[Haskell-cafe] Origins of '$'

Derek Elkins derek.a.elkins at gmail.com
Sun Dec 14 18:52:14 EST 2008

On Mon, 2008-12-08 at 23:15 +0100, Joachim Breitner wrote:
> Hi,
> Am Montag, den 08.12.2008, 15:59 -0600 schrieb Nathan Bloomfield:
> > Slightly off topic, but the A^B notation for hom-sets also makes the
> > natural isomorphism we call currying expressable as A^(BxC) = (A^B)^C.
> So A^(B+C) = A^B × A^C ?
> Oh, right, I guess that’s actually true:
> uncurry either                :: (a -> c, b -> c)  -> (Either a b -> c)
> (\f -> (f . Left, f . Right)) :: (Either a b -> c) -> (a -> c, b -> c)
> It’s always nice to see that I havn’t learned the elementary power
> calculation rules for nothing :-)

I want to point out a quick categorical way of proving this (and almost
all the other "arithmetic" laws follow similarly.)  This is just
continuity of right adjoints.  The interesting thing is the adjunction,
one that is commonly neglected in discussions of Cartesian closed

A^- is a function C^{op} -> C and it is adjoint to itself on the right,
i.e. (A^-)^{op} -| A^-.  As an isomorphism of hom functors that is,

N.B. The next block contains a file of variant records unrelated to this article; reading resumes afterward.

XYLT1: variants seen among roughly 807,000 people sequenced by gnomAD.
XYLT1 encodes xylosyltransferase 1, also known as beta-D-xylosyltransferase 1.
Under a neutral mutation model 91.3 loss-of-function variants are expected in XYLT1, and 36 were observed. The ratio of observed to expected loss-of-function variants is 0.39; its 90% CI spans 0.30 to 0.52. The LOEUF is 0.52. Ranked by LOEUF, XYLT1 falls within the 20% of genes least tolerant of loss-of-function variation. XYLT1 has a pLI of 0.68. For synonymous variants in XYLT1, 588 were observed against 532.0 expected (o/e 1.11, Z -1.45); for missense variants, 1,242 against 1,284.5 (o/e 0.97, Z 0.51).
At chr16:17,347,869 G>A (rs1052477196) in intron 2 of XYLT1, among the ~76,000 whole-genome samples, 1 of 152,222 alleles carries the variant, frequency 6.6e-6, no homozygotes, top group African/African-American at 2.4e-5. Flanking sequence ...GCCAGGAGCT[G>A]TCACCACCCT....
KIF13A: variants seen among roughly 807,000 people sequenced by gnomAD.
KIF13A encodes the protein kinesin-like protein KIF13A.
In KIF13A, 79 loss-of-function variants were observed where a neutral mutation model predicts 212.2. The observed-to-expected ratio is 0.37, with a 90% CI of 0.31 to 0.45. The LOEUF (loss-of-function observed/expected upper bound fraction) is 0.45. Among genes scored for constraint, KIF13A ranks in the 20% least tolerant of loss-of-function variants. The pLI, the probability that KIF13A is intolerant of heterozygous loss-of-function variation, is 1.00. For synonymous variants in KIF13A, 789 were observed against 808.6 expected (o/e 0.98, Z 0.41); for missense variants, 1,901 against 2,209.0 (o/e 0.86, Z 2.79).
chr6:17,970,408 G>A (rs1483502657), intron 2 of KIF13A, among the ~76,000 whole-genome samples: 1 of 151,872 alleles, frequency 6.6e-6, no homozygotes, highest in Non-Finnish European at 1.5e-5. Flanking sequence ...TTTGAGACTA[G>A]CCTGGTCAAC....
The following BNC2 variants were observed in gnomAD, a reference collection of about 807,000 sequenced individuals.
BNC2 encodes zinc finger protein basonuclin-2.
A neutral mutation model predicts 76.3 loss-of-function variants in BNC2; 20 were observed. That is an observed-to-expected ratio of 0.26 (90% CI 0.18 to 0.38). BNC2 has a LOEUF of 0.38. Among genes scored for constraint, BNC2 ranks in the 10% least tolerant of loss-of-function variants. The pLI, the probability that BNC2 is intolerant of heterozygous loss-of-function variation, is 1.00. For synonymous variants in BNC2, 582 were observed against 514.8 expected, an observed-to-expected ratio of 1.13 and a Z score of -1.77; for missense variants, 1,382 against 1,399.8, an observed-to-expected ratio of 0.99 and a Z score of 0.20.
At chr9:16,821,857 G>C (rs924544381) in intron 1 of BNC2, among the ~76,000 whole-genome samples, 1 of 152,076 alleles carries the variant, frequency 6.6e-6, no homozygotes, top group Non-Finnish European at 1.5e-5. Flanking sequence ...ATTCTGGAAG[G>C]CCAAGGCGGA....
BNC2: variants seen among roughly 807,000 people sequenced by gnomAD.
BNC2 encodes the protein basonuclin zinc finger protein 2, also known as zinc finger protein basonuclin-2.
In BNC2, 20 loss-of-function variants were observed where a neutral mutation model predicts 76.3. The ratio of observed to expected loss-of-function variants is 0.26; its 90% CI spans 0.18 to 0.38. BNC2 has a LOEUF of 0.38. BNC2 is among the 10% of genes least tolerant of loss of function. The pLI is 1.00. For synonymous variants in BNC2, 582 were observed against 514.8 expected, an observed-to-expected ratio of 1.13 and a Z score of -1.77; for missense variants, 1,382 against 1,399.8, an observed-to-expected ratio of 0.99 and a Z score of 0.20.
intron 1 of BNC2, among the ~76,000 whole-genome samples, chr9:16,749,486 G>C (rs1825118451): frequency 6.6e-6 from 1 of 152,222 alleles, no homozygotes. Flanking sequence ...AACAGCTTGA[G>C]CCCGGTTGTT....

Hom(=,A^-) ~ Hom(-,A^=) or in Haskell notation there is an isomorphism
flip :: (a -> b -> c) -> (b -> a -> c) (it is it's own inverse.)  This
is induced by the swap operation on pairs and is why for enriched
categories usually they talk about -symmetric- monoidally closed
categories.  Symmetric monoidally closed categories validate all the
arithmetic laws as well.

So B+C is BxC in the opposite category and so A^- takes (BxC)^op to A^B
x A^C.

And that's not all, every adjunction gives rise to a monad namely,
A^(A^-) or in Haskell notation (b -> a) -> a and indeed if you work out
the details this is the continuation monad.

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